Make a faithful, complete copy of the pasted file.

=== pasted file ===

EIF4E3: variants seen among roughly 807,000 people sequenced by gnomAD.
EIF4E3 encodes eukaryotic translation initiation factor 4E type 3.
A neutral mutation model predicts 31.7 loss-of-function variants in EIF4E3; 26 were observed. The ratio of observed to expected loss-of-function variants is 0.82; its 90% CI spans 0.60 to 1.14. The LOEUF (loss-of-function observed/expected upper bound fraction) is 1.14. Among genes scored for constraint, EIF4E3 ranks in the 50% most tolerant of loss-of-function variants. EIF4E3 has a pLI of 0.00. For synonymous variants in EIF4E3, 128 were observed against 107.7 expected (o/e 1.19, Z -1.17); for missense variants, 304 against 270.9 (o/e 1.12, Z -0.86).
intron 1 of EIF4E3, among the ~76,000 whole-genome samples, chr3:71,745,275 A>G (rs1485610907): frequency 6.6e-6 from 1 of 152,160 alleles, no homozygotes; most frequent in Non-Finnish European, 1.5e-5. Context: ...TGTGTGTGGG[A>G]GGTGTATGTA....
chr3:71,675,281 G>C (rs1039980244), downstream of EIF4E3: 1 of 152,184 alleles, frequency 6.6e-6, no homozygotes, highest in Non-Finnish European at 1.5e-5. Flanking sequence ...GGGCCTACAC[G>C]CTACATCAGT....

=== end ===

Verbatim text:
EIF4E3: variants seen among roughly 807,000 people sequenced by gnomAD.
EIF4E3 encodes eukaryotic translation initiation factor 4E type 3.
A neutral mutation model predicts 31.7 loss-of-function variants in EIF4E3; 26 were observed. The ratio of observed to expected loss-of-function variants is 0.82; its 90% CI spans 0.60 to 1.14. The LOEUF (loss-of-function observed/expected upper bound fraction) is 1.14. Among genes scored for constraint, EIF4E3 ranks in the 50% most tolerant of loss-of-function variants. EIF4E3 has a pLI of 0.00. For synonymous variants in EIF4E3, 128 were observed against 107.7 expected (o/e 1.19, Z -1.17); for missense variants, 304 against 270.9 (o/e 1.12, Z -0.86).
intron 1 of EIF4E3, among the ~76,000 whole-genome samples, chr3:71,745,275 A>G (rs1485610907): frequency 6.6e-6 from 1 of 152,160 alleles, no homozygotes; most frequent in Non-Finnish European, 1.5e-5. Context: ...TGTGTGTGGG[A>G]GGTGTATGTA....
chr3:71,675,281 G>C (rs1039980244), downstream of EIF4E3: 1 of 152,184 alleles, frequency 6.6e-6, no homozygotes, highest in Non-Finnish European at 1.5e-5. Flanking sequence ...GGGCCTACAC[G>C]CTACATCAGT....